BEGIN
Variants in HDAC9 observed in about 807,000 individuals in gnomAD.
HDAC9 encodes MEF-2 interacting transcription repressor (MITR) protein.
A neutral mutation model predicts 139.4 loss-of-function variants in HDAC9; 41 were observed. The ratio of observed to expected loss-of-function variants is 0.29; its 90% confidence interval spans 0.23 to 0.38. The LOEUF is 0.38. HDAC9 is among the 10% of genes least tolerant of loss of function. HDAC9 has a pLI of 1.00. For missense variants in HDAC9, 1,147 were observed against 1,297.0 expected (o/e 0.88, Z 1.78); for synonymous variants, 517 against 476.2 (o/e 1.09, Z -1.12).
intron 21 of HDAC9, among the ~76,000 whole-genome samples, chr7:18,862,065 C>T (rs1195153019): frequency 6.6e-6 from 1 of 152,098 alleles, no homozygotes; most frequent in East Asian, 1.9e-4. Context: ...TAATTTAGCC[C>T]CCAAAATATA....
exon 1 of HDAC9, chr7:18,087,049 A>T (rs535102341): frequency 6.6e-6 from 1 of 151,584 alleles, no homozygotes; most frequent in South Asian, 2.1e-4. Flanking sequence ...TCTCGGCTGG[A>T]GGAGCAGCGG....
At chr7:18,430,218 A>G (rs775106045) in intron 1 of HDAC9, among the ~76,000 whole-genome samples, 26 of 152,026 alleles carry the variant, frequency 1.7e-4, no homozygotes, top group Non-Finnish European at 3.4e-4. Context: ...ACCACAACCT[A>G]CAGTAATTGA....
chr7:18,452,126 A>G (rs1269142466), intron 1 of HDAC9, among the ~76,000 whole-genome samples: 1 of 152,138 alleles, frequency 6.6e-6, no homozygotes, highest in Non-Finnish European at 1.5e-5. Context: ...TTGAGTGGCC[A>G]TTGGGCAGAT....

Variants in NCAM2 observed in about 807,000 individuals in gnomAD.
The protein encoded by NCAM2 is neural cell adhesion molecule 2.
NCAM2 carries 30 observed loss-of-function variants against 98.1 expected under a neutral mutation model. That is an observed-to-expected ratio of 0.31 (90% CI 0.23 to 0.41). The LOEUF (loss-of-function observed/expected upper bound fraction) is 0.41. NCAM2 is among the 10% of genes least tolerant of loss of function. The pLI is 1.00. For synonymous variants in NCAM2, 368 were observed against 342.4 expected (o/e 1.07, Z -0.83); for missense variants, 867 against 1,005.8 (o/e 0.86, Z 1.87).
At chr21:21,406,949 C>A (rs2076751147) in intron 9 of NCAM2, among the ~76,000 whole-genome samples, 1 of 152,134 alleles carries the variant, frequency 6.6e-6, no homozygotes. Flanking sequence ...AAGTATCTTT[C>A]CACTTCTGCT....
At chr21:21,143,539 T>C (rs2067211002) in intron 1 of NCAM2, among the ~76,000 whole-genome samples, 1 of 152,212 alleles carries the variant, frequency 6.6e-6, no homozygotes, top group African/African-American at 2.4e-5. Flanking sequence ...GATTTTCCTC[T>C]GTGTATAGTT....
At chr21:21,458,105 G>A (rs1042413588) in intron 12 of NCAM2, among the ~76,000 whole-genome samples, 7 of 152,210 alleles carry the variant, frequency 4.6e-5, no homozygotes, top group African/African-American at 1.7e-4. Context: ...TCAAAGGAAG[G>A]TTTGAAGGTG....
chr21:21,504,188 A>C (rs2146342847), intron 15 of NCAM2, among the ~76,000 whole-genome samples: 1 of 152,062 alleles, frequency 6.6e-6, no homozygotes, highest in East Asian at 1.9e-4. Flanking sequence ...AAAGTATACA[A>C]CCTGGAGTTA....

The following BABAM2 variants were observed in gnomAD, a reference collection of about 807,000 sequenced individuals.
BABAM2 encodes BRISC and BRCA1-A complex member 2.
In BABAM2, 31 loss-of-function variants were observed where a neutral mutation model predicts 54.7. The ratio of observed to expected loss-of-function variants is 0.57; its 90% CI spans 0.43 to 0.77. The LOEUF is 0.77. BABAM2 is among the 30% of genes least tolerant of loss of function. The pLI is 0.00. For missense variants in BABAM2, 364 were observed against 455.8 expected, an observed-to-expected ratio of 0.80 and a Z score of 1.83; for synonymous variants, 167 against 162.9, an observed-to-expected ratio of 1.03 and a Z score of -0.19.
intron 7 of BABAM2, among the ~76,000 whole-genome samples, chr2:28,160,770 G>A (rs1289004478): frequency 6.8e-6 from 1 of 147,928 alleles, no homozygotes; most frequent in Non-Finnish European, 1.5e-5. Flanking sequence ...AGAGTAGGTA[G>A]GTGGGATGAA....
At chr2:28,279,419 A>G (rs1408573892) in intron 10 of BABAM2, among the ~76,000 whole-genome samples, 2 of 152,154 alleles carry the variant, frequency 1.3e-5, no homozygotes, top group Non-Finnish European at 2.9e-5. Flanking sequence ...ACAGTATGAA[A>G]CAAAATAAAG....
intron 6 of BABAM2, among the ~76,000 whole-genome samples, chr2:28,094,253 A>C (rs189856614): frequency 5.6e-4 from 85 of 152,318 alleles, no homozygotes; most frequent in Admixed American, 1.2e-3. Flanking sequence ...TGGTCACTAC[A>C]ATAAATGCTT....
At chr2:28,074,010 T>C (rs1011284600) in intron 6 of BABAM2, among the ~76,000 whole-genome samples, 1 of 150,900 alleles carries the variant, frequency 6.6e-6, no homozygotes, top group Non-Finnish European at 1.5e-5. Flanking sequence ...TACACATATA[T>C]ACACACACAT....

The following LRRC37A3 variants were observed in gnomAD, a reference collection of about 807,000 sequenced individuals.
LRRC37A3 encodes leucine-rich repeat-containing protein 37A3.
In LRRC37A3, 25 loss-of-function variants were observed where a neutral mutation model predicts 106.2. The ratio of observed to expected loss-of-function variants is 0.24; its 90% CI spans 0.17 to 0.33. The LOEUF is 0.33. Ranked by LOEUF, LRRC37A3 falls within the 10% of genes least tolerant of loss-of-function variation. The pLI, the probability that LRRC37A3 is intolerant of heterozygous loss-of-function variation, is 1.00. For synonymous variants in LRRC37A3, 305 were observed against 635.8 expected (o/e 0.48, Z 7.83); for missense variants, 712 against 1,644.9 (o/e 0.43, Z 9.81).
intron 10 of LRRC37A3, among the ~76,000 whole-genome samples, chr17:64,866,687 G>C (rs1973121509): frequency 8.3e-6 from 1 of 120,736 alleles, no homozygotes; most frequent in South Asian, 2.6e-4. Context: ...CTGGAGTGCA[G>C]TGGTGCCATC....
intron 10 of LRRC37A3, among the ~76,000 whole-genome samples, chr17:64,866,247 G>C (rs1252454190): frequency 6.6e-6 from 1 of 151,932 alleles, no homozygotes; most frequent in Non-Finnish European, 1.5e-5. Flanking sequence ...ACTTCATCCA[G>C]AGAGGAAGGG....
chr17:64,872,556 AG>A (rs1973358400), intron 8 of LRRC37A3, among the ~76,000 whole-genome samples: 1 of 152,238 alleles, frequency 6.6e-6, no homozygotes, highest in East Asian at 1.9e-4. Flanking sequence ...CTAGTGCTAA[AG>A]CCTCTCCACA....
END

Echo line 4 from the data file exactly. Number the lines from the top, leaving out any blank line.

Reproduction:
intron 21 of HDAC9, among the ~76,000 whole-genome samples, chr7:18,862,065 C>T (rs1195153019): frequency 6.6e-6 from 1 of 152,098 alleles, no homozygotes; most frequent in East Asian, 1.9e-4. Context: ...TAATTTAGCC[C>T]CCAAAATATA....